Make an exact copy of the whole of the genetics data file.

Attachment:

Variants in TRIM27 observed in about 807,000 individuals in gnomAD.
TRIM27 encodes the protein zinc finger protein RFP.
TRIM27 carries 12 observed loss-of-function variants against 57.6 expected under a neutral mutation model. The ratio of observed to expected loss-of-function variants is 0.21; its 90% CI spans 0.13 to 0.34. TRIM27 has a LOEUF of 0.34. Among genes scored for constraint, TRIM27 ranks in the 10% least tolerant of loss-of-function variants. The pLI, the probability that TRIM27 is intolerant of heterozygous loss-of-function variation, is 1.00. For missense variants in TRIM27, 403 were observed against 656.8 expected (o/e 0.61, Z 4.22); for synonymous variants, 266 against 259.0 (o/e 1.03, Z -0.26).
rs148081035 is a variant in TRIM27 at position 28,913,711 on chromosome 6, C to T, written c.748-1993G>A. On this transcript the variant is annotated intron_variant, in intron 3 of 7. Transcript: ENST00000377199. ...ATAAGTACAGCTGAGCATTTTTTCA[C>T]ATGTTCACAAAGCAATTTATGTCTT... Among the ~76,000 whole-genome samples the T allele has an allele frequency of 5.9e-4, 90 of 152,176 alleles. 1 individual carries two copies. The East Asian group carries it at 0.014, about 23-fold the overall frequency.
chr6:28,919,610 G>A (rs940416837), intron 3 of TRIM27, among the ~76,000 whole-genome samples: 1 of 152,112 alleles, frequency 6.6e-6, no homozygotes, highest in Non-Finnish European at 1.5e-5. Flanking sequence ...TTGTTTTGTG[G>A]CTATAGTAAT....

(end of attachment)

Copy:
Variants in TRIM27 observed in about 807,000 individuals in gnomAD.
TRIM27 encodes the protein zinc finger protein RFP.
TRIM27 carries 12 observed loss-of-function variants against 57.6 expected under a neutral mutation model. The ratio of observed to expected loss-of-function variants is 0.21; its 90% CI spans 0.13 to 0.34. TRIM27 has a LOEUF of 0.34. Among genes scored for constraint, TRIM27 ranks in the 10% least tolerant of loss-of-function variants. The pLI, the probability that TRIM27 is intolerant of heterozygous loss-of-function variation, is 1.00. For missense variants in TRIM27, 403 were observed against 656.8 expected (o/e 0.61, Z 4.22); for synonymous variants, 266 against 259.0 (o/e 1.03, Z -0.26).
rs148081035 is a variant in TRIM27 at position 28,913,711 on chromosome 6, C to T, written c.748-1993G>A. On this transcript the variant is annotated intron_variant, in intron 3 of 7. Transcript: ENST00000377199. ...ATAAGTACAGCTGAGCATTTTTTCA[C>T]ATGTTCACAAAGCAATTTATGTCTT... Among the ~76,000 whole-genome samples the T allele has an allele frequency of 5.9e-4, 90 of 152,176 alleles. 1 individual carries two copies. The East Asian group carries it at 0.014, about 23-fold the overall frequency.
chr6:28,919,610 G>A (rs940416837), intron 3 of TRIM27, among the ~76,000 whole-genome samples: 1 of 152,112 alleles, frequency 6.6e-6, no homozygotes, highest in Non-Finnish European at 1.5e-5. Flanking sequence ...TTGTTTTGTG[G>A]CTATAGTAAT....